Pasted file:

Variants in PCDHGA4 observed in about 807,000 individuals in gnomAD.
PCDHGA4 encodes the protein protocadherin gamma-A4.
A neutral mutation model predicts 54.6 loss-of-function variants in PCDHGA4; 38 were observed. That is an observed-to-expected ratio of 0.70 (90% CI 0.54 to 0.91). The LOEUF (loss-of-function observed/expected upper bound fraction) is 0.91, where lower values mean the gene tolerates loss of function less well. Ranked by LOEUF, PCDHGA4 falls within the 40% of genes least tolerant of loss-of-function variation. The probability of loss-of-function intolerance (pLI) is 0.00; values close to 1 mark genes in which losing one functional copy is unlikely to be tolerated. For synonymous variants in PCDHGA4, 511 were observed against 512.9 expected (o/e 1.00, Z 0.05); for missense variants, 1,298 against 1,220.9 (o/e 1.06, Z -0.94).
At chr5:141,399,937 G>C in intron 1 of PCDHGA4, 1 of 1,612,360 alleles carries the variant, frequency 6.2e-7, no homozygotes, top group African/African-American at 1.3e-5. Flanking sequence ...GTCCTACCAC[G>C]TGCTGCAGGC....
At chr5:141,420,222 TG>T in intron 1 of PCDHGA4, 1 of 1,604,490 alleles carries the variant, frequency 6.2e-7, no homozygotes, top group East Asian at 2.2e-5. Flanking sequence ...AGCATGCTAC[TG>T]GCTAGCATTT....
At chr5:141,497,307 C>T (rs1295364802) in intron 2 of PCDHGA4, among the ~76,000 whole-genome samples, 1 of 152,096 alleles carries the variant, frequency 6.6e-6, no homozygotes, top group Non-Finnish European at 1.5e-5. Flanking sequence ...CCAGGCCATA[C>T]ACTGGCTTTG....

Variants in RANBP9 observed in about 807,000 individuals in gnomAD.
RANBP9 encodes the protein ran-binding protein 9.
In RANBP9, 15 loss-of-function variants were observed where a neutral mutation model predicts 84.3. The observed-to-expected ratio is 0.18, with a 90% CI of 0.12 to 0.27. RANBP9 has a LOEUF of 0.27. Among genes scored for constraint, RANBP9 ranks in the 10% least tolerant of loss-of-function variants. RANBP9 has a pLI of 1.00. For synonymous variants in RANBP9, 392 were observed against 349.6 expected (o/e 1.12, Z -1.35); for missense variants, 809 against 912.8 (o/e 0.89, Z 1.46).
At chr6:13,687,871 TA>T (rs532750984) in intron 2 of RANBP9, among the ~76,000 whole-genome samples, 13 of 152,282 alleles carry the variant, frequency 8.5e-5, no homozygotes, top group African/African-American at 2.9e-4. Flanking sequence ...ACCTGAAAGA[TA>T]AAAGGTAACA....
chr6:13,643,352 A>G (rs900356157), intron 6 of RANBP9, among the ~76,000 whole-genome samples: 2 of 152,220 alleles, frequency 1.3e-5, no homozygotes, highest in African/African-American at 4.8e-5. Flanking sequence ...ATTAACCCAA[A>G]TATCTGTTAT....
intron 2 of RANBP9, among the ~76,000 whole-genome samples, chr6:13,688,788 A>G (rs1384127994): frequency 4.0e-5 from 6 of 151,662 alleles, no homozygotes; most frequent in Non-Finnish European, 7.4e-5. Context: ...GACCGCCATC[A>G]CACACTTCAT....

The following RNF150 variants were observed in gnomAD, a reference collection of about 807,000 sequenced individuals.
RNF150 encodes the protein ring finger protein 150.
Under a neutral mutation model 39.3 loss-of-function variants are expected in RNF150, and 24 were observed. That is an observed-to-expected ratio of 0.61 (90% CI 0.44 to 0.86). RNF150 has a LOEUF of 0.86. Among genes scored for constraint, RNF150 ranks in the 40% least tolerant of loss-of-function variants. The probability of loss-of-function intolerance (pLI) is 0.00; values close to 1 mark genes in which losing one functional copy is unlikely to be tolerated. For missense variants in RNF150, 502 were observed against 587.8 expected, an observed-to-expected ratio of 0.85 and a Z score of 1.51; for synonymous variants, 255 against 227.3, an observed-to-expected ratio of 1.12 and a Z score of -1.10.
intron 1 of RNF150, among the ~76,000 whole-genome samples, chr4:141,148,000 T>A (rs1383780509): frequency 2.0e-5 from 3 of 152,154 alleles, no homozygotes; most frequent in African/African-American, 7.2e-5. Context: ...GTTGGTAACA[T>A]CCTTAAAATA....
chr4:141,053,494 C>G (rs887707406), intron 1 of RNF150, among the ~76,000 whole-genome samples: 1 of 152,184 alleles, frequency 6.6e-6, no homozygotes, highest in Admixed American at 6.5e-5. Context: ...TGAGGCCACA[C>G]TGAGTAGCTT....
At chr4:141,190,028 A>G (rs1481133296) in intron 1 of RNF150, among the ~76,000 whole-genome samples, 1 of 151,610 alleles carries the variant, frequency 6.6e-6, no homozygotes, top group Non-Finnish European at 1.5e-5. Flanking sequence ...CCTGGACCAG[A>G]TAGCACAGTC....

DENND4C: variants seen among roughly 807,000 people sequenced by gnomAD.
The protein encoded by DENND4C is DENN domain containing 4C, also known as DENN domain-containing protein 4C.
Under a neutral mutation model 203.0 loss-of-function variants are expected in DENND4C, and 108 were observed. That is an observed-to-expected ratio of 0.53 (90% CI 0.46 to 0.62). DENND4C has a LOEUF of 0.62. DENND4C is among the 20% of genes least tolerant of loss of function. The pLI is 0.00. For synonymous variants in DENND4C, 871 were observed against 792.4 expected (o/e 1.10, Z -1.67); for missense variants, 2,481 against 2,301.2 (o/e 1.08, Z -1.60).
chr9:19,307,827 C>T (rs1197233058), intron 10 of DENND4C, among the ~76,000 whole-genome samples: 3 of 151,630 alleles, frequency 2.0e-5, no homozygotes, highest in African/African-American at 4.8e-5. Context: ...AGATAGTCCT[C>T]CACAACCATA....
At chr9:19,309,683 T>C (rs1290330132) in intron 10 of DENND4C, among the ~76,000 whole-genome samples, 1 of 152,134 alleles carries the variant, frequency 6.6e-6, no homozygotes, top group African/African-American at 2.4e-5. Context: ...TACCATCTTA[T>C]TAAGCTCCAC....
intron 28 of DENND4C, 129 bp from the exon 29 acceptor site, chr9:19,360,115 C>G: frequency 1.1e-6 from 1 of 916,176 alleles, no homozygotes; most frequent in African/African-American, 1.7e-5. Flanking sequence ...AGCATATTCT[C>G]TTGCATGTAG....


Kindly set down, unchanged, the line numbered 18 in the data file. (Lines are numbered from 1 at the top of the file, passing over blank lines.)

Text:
At chr4:141,190,028 A>G (rs1481133296) in intron 1 of RNF150, among the ~76,000 whole-genome samples, 1 of 151,610 alleles carries the variant, frequency 6.6e-6, no homozygotes, top group Non-Finnish European at 1.5e-5. Flanking sequence ...CCTGGACCAG[A>G]TAGCACAGTC....